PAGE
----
In addition to the future Milwaukee Pro Soccer USL Championship franchise, Iron District MKE will serve as the home ground for the Marquette University Men’s and Women’s Soccer Clubs and Marquette Men’s and Women’s Lacrosse Teams, in addition to a variety of youth and community programs.

The football club owners add that construction on Iron District MKE will begin later this fall, beginning with the complete deconstruction of the former Ramada Inn at 633 W. Michigan St. Other site preparation and construction activities will follow soon.

Besides football, the stadium will also feature a 3,500 capacity indoor concert venue operated by the Pabst Theater Group.

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Cultural communities come together to celebrate honored life and traditions https://northwestmetropolitans.com/cultural-communities-come-together-to-celebrate-honored-life-and-traditions/ Sun, 16 Oct 2022 12:30:00 +0000 https://northwestmetropolitans.com/cultural-communities-come-together-to-celebrate-honored-life-and-traditions/ What is most admirable about the members of cultural communities is their determination to preserve, transmit, maintain and reinforce the hold and relevance of their age-old practices and traditions that defy the onslaught of modernization and technology, even the pandemic. This is, I believe, why the National Commission for Culture and the Arts (NCCA), through […]]]>

What is most admirable about the members of cultural communities is their determination to preserve, transmit, maintain and reinforce the hold and relevance of their age-old practices and traditions that defy the onslaught of modernization and technology, even the pandemic.

This is, I believe, why the National Commission for Culture and the Arts (NCCA), through the Sub-Committee on Cultural Communities and Traditional Arts (SCCTA), is leading the celebration of the Month National Indigenous Peoples (IP).

Filipino song icon Joey Ayala

With its theme “Pagtataguyod ng Pamayanang Kultural para sa Isang Matatag na Pilipinas”, Intellectual Property Month, which takes place this month, focuses on the important role of cultural communities and how they have dealt with the pandemic. of COVID-19 while protecting the intangible of communities. cultural heritage (ICH) and their strategies for moving forward.

Intellectual Property Month is celebrated in accordance with Presidential Proclamation 1906, s. 2009, declaring October National Indigenous Peoples Month, mandates the recognition and protection of the rights of Indigenous Cultural Communities (ICCs)/IPs.

One of the most anticipated and celebrated occasions in the celebration of IP month is the most anticipated and celebrated Dayaw festival. It happens in different parts of the country and highlights the beauty, creativity, color, flavor, relevance and power of our brothers and sisters in the cultural community. The National Capital Region is at the center of this year’s in-person festivities at the Metropolitan Theater on October 23 and 24.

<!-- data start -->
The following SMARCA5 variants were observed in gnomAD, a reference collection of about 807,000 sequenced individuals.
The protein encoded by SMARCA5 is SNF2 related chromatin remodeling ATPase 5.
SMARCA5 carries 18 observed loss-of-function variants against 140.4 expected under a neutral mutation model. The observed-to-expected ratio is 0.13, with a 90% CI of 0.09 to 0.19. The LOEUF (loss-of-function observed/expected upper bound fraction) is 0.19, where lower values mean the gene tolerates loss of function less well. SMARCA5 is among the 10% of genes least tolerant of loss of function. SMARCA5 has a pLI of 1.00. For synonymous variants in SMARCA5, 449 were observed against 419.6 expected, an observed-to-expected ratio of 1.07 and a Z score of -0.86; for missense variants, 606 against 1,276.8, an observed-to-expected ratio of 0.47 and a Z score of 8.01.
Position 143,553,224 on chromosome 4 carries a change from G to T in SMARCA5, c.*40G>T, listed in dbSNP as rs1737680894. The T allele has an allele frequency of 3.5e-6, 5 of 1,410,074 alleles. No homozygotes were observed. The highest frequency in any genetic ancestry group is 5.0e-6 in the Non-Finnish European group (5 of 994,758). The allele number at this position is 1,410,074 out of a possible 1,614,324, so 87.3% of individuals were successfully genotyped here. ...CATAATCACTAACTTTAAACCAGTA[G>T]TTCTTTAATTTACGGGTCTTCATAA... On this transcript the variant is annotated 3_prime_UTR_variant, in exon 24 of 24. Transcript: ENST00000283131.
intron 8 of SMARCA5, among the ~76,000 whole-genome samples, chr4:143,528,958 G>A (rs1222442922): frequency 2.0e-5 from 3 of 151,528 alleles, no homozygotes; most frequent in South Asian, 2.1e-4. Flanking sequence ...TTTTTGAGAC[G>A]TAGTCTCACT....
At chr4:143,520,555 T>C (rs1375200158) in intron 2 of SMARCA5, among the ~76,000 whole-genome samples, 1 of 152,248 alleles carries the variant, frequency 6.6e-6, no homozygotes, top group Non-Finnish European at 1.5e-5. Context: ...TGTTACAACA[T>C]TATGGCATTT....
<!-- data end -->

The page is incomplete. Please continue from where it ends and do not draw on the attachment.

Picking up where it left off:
More than 300 representatives of PIs from cultural communities in the North, Center and South meet to exchange performances of music, dance and oral tradition; sharing stories of best practices in safeguarding ICH and sharing embodied cultural values ​​in their responses to the current crisis.

What we can expect from the festival is Dayaw, a “patikim” and a “payanig” which happened recently at the Open Air Auditorium in Rizal Park.

The most memorable performances on a beautiful Sunday evening were the muscular men and graceful women of the Kalinga Bodong Dance Troupe who impressed with their physique, precision and synchronicity as they turned their daily activities into dances. The “Binalog” of the Panay Bukidnon community of Calinog, Iloilo, and the Manobo Talaandig group of Mindanao presented versions of the dance whose inspiration is the hawk, therefore the bird movements in the dance were the more important.

Another highlight of the show was the Pusaka sa Maguindanao with the “kulintang” and its players showcased their musical dexterity. TheBanda Kawayan Pilipinas were a wonder to watch as they played multiple bamboo instruments – like kumintang, ang klung and flute – in an effortless manner with a repertoire of Ilocano folk songs such as “Ti Ayat Maysa Nga Ubing” and “Pamulinawen”. ”

The men of the Kalinga Bodong Dance Troupe impress the audience with their physique, precision and synchronicity

The teaser ended with singing icon Joey Ayala and Bagong Lumad performing their unforgettable anthem “Karniwang Tao.”

Some of the most prominent personalities who attended the kick off of Dayaw were NCCA Executive Director Oscar Casaysay, Dr. Abubacar Datumanong, PhD, Commissioner for Cultural Communities and Traditional Arts/and Head of the National Communities Committee Cultural Communities of the South, Pablito Gonzales, Deputy Chief and Chief, National Committee on Central Cultural Communities, Edwin Antonio, PhD, Secretary and Chief, National Committee on Northern Cultural Communities, and Jennifer Sinug-las of the Central NCIP office. Mindanao.

After two years of virtual gathering, this year’s IP Month celebration, in addition to the Dayaw Festival, will also include an online capacity building training workshop.

and the exhibition Schools of Living Traditions.

For more details on this event, please contact the SCCTA Secretariat via sccta@ncca.gov.ph.